Patients pay the price when hospitals mark up cancer medicines

Two recent studies reveal how hospitals across the country mark up the price of medicines, resulting in higher costs for patients.

Joe Vandigo
Joe VandigoApril 5, 2018

Patients pay the price when hospitals mark up cancer medicines.

Two studies released last month reveal how hospitals across the country mark up the price of medicines and deliver a growing share of provider-administered medicines, resulting in higher costs that are often passed onto patients. 

  1. A study published in the American Journal of Managed Care examined the price of care at more than 3,200 hospitals in all 50 states and found substantial charge variation by hospital across oncology services. “What we found in the marketplace is that over one quarter of the medical centers that provide cancer services are charging more than 5.1 times the Medicare allowable amount, and in some cases the centers are charging more than 15 times the Medicare allowable amount,” noted lead author  Martin Makary, MD, MPH, a cancer surgeon at Johns Hopkins Hospital. The study found the most significant markups at hospitals with for-profit status for medical oncology services and hospitals with prestige status for radiology and pathology.
  1. A separate study published by JAMA Oncology showed a staggering difference between the cost of chemotherapy depending on the site of care. The research found that the same care provided in a hospital outpatient department cost roughly double than in a physician’s office for commercially insured patients. For example, the average spending on chemotherapy medicine was $1,466 for treatments administered in a physician’s office, but hospitals receive $3,799 ($2,333 more). Despite the cost disparities, the study also concluded that the delivery of chemotherapy is trending towards hospitals and away from physicians’ offices. In 2004, only 6 percent of infusions occurred in the hospital, compared to 43 percent in 2014.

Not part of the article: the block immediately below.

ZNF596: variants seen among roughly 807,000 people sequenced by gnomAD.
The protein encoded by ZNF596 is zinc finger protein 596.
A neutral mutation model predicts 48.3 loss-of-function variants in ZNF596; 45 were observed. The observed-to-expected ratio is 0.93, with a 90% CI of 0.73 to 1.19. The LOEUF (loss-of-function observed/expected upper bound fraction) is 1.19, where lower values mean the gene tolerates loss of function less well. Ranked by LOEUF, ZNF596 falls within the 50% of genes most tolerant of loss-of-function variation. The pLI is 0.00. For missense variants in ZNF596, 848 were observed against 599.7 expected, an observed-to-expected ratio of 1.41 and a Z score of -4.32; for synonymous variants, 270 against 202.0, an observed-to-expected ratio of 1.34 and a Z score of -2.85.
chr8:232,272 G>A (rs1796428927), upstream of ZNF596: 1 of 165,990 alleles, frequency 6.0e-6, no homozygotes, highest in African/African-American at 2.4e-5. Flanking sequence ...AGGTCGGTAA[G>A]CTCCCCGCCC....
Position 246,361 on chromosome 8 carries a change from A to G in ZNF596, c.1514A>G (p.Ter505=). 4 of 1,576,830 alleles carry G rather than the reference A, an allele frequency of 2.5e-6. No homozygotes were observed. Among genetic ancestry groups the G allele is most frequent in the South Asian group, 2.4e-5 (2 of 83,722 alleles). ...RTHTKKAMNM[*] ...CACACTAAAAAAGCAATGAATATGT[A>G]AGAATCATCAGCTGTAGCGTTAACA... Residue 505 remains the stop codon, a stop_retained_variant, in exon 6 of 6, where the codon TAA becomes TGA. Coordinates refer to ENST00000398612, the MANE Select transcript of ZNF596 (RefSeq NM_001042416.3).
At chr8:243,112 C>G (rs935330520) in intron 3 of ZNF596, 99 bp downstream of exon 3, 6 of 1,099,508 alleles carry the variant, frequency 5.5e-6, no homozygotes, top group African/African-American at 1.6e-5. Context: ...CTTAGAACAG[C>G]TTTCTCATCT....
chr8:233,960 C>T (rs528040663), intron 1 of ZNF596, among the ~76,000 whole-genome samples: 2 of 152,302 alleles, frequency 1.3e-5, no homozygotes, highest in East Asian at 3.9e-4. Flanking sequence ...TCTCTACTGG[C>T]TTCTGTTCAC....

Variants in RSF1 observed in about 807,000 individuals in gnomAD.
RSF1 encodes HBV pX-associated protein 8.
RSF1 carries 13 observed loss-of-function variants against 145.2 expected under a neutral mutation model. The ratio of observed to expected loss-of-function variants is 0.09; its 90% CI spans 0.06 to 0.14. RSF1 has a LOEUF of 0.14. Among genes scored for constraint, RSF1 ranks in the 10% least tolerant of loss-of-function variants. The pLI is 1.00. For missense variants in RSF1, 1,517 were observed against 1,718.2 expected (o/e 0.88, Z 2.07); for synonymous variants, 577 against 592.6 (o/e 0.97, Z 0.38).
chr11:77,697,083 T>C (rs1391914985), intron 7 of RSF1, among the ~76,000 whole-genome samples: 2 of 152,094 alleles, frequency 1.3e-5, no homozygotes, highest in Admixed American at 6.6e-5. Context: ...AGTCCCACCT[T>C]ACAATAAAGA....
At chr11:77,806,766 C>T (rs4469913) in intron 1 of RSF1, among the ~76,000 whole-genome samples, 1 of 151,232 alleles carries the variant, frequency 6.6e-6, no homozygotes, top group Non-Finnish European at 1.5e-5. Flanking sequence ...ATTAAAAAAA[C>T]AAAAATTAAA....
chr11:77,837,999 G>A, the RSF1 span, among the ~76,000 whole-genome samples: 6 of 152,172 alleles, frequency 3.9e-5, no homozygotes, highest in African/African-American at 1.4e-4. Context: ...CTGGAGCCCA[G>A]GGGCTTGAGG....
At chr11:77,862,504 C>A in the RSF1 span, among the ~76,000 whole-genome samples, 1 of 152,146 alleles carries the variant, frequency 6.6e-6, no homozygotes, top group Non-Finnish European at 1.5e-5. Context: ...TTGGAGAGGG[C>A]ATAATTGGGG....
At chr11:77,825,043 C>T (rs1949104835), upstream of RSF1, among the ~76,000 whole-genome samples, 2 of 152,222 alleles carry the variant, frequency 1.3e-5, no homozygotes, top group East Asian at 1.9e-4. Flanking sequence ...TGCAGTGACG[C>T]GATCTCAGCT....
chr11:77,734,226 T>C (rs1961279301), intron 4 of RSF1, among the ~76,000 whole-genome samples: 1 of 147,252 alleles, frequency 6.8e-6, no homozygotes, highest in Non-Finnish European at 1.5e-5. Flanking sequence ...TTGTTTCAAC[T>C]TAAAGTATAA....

Provider consolidation and markups increases costs for the health care system and, ultimately, for patients. One key driver of this consolidation is the 340B program, which allows qualifying hospitals to obtain steep discounts for prescription medicines. Current program guidance allows 340B hospitals to extend their 340B eligibility to independent physician practices they’ve purchased. These hospitals can then be reimbursed by commercial payers for medicines administered at these offices at the regular negotiated rate – and pocket any different between their reimbursement and the 340B discounted price.

A recent study in the New England Journal of Medicine concluded that financial incentives created by the 340B program have led 340B eligible hospitals to alter their behavior by acquiring more physician practices and increasing hospital administration of drugs. Congress created the 340B program to support safety net providers, yet the analysis found no evidence 340B hospitals use revenue derived from the program to “invest in safety net providers, provide more inpatient care to low-income patients, or enhance care for low-income groups in ways that would reduce mortality.”

As has been discussed in prior Catalyst blogs, the Moran Company found hospitals receive, on average, more than 250 percent what they paid for a medicine after negotiations with commercial payers, even without accounting for discounts provided through the 340B program. In these cases, a hospital is ultimately paid more than the biopharmaceutical company who brought the medicine to market.


As insurers continue to raise patients’ share of health care spending, and hospitals buy up community physicians, these high prices increase patient costs. For underinsured patients or those who need out-of-network services, the impact can be even greater. Patients, especially those fighting cancer, rarely have a choice in where they receive their care, as the urgency of their diagnoses limits their ability to seek other options.

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